Old Photographs & Drawings of Chester
The Old Exchange
The Exchange in Northgate Street, Chester was built between 1695 and 1698 and destroyed by fire on 30th December 1862.
Also known, at least in its early years, as the New Common Hall, the costs of its construction were shared between the town corporation, the King, William III, and a number of prominent local gentlemen. Its architect is unknown.
Built of brick with stone quions, its ground floor was originally an open piazza but, after sixty years, the building started to sag and was judged to be in imminent danger of collapse so the ground floor area was supported with strong pillars and the space between filled in with rows of small shops. The space was changed again in 1801-2 when the eminent Chester architect Thomas Harrison (builder of the Northgate and Grosvenor Bridge and rebuilder of the Castle) adapted it to accomodate courtrooms and offices.
Regarding this statue, the Cheshire Sheaf of June 1878 contained the following enquiry from one C. O’Donnell, "Many years ago, while passing through Chester to Ireland, I stayed a night at that comfortable hostelry, the White Lion Hotel [Chester's principal coaching inn, which long stood where the Forum entrance is today]. From my bedroom window, next morning, I saw a STATUE OF QUEEN ANNE under a lofty niche on the south front of the Town Hall. The other day when in Chester I found that both statue and town-hall, and even my old hotel, had vanished: so, having ascertained the existence of the CHESHIRE SHEAF, and indeed seen one or two of the earlier numbers, I write to enquire whether the Statue is still in being, and whether it is known who was the sculptor ? He was manifestly, to my mind, a man of considerable ability; and something ought surely to be known of him".
This reply came from the historian, author and first editor of The Cheshire Sheaf, Thomas Hughes, "In The Stranger in Chester, 1816, p. 941, I find that there lies buried in the south aisle of St. John's Church, John Tilston, sculptor, of this city, who died September 27, 1723, aged 52. To this is appended the following statement : "He carved the figure of QUEEN ANNE and the armorial shields which adorn the front of the Exchange."
Mr Hughes wrote the following month, July 1878 that he had personally inspected the statue in that council depot.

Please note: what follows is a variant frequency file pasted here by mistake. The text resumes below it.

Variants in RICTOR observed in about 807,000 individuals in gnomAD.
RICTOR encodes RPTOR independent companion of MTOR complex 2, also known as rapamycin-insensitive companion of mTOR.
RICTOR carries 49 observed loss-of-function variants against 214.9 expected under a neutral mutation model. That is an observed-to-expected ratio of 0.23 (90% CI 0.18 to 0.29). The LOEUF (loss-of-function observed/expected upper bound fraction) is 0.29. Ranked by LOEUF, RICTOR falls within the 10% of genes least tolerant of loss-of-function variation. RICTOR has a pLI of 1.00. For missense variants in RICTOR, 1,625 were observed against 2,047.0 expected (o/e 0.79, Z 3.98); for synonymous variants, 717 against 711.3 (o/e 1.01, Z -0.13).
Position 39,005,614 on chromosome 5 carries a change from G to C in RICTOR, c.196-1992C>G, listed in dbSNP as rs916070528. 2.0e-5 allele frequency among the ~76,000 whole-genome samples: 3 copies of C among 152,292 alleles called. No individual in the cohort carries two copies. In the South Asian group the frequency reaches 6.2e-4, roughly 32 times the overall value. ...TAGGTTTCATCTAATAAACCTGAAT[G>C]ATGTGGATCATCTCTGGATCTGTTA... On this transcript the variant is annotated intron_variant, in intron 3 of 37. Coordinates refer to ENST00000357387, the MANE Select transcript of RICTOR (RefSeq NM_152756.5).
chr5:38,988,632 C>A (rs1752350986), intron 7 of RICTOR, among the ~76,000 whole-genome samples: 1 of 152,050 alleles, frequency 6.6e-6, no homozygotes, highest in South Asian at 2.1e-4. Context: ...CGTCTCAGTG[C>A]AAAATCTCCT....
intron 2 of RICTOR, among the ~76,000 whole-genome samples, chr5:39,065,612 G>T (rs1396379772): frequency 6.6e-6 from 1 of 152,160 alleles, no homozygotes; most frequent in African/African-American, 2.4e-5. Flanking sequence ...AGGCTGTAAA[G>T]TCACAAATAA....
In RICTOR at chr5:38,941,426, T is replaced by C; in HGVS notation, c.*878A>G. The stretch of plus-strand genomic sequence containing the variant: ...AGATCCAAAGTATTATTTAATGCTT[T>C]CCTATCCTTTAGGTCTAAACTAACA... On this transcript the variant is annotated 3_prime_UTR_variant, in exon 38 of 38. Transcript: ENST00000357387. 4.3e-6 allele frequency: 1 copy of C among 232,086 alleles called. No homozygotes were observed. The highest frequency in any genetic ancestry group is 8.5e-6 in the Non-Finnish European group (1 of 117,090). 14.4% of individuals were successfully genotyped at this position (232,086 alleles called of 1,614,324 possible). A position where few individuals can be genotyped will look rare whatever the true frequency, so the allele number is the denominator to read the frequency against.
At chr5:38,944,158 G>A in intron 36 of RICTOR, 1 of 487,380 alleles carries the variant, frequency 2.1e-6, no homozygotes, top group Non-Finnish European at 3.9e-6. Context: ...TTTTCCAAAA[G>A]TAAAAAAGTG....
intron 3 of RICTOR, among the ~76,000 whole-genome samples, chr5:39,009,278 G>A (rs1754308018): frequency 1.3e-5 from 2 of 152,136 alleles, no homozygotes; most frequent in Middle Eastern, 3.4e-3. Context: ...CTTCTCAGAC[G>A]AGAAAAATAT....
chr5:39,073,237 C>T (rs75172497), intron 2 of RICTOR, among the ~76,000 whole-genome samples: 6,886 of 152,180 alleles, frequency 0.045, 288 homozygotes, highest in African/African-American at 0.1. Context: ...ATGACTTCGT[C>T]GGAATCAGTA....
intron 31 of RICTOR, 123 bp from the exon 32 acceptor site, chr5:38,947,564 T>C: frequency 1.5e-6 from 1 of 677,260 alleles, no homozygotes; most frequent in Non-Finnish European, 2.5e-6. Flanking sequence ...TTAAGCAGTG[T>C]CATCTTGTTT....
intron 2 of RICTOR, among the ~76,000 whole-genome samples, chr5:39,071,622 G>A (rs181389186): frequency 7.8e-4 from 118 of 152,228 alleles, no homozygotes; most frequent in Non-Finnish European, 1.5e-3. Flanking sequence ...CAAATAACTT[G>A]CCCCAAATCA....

At some point during the 130 years since that letter was written, the statue was transferred, complete with its original round-topped niche, to Bonewaldesthorne's Tower (illustrated left) where it remained on display until the 1960s, when it mysteriously vanished. The niche remains in situ, however. Information upon its present whereabouts would be gratefully received!
John Tilston, incidentally, was also the sculptor of the ornate (and today, sadly eroded) plaque mounted on Pemberton's Parlour, which bears the Royal and City Arms and records the remarkable (and probably unique) conversion of the war-battered City Walls into the pleasant elevated promenade which millions of visitors have enjoyed ever since.
In 1852, just eight years before its destruction, the Exchange underwent a radical restoration, Thomas Hughes of Aldford being the contractor and Benjamin Baylis the architect. Queen Anne was included in the work, "the statue of Queen Anne is to be restored, painted and regilt, and securely fixed to the building by a copper bar one inch square, with nuts and screws; also the pedestal the statue rests upon, and the moulding around the niche".
The anonymous author of the early 19th century work, A Walk Round the Walls and City of Chester, wtote that "The Exchange is a large handsome pile, supported by five columns in the centre, and has a row of shops on the west side. It was built around the year 1698, in the mayoralty of Colonel Robert Whitley, who gave his toll toward defraying the expences of the building. The length is 126 feet, and the breadth 46 feet. The courts of Justices are held in a large commodious common hall over the exchange. In this place the Mayor, assisted by the Recorder, holds the courts of crownmote, portmote and sessions. Here the body corporate hold their assemblies for making bye-laws and other public business. The elections for Mayor, and other annual Officers, as likewise for Members of parliament, are held here; also the mansion house, where the Mayors have their entertainments, and the citizens their assemblies during the winter.
in the remarkable
1855. You can see it towards the top centre of the picture dominating a Market Square that is radically different from that we know today.
This interesting view of the south end of the Market Square shows the Exchange on the far right and behind it, The White Lion Hotel, (also visible in the picture at the top of the page) for two and a half centuries Chester's foremost and, by the standards of the day, most luxurious, coaching inn. Stages long departed from its door to London, Ireland and all parts of the kingdom.
Read more of the old White Lion and the hundreds of other hostelries that are no longer with us in our Lost Pubs of Chester chapters...
This view must have been made before 1862 because in that year a terrible fire destroyed the Exchange, but most of its valuable contents, including the city records and all but two large paintings were fortunately saved. After the fire, its site was cleared and an open space created which remains with us. All trace of the old Exchange was obliterated so efficiently that nobody visiting the spot today would have any clue that it had ever existed.
Within two years, work started on its replacement, the great Town Hall we know today, designed by W H Lynn of Belfast, which was built in 1864-9, inspired by the medieval Cloth Hall in Ypres, Belgium. You can see a couple of photographs of it here.
The Exchange in flames: 30th December 1862